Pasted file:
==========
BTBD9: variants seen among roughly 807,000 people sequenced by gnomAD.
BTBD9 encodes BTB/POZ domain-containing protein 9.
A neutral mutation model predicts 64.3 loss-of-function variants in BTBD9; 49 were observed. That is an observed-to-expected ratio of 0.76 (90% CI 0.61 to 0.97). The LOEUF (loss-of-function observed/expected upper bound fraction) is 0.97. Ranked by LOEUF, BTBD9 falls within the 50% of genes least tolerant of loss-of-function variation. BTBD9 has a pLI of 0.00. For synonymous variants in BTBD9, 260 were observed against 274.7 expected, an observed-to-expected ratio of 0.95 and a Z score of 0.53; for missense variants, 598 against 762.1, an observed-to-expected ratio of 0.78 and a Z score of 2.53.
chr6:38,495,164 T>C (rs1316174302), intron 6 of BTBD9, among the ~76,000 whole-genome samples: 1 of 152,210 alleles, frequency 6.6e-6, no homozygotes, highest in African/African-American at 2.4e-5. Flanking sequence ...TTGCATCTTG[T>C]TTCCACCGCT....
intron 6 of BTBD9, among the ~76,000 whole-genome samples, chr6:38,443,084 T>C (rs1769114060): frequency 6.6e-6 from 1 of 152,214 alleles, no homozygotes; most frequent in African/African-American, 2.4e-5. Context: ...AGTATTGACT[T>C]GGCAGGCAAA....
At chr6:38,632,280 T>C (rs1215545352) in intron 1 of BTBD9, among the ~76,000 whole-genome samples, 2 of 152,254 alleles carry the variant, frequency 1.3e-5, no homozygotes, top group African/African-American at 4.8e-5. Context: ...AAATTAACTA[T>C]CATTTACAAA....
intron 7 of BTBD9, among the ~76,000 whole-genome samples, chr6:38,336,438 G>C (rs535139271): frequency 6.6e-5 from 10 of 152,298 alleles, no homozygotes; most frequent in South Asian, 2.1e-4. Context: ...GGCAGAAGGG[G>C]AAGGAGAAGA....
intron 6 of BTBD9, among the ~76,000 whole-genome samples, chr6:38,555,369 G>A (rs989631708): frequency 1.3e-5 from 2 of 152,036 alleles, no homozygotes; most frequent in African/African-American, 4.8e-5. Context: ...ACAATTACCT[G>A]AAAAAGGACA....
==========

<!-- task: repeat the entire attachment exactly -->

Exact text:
BTBD9: variants seen among roughly 807,000 people sequenced by gnomAD.
BTBD9 encodes BTB/POZ domain-containing protein 9.
A neutral mutation model predicts 64.3 loss-of-function variants in BTBD9; 49 were observed. That is an observed-to-expected ratio of 0.76 (90% CI 0.61 to 0.97). The LOEUF (loss-of-function observed/expected upper bound fraction) is 0.97. Ranked by LOEUF, BTBD9 falls within the 50% of genes least tolerant of loss-of-function variation. BTBD9 has a pLI of 0.00. For synonymous variants in BTBD9, 260 were observed against 274.7 expected, an observed-to-expected ratio of 0.95 and a Z score of 0.53; for missense variants, 598 against 762.1, an observed-to-expected ratio of 0.78 and a Z score of 2.53.
chr6:38,495,164 T>C (rs1316174302), intron 6 of BTBD9, among the ~76,000 whole-genome samples: 1 of 152,210 alleles, frequency 6.6e-6, no homozygotes, highest in African/African-American at 2.4e-5. Flanking sequence ...TTGCATCTTG[T>C]TTCCACCGCT....
intron 6 of BTBD9, among the ~76,000 whole-genome samples, chr6:38,443,084 T>C (rs1769114060): frequency 6.6e-6 from 1 of 152,214 alleles, no homozygotes; most frequent in African/African-American, 2.4e-5. Context: ...AGTATTGACT[T>C]GGCAGGCAAA....
At chr6:38,632,280 T>C (rs1215545352) in intron 1 of BTBD9, among the ~76,000 whole-genome samples, 2 of 152,254 alleles carry the variant, frequency 1.3e-5, no homozygotes, top group African/African-American at 4.8e-5. Context: ...AAATTAACTA[T>C]CATTTACAAA....
intron 7 of BTBD9, among the ~76,000 whole-genome samples, chr6:38,336,438 G>C (rs535139271): frequency 6.6e-5 from 10 of 152,298 alleles, no homozygotes; most frequent in South Asian, 2.1e-4. Context: ...GGCAGAAGGG[G>C]AAGGAGAAGA....
intron 6 of BTBD9, among the ~76,000 whole-genome samples, chr6:38,555,369 G>A (rs989631708): frequency 1.3e-5 from 2 of 152,036 alleles, no homozygotes; most frequent in African/African-American, 4.8e-5. Context: ...ACAATTACCT[G>A]AAAAAGGACA....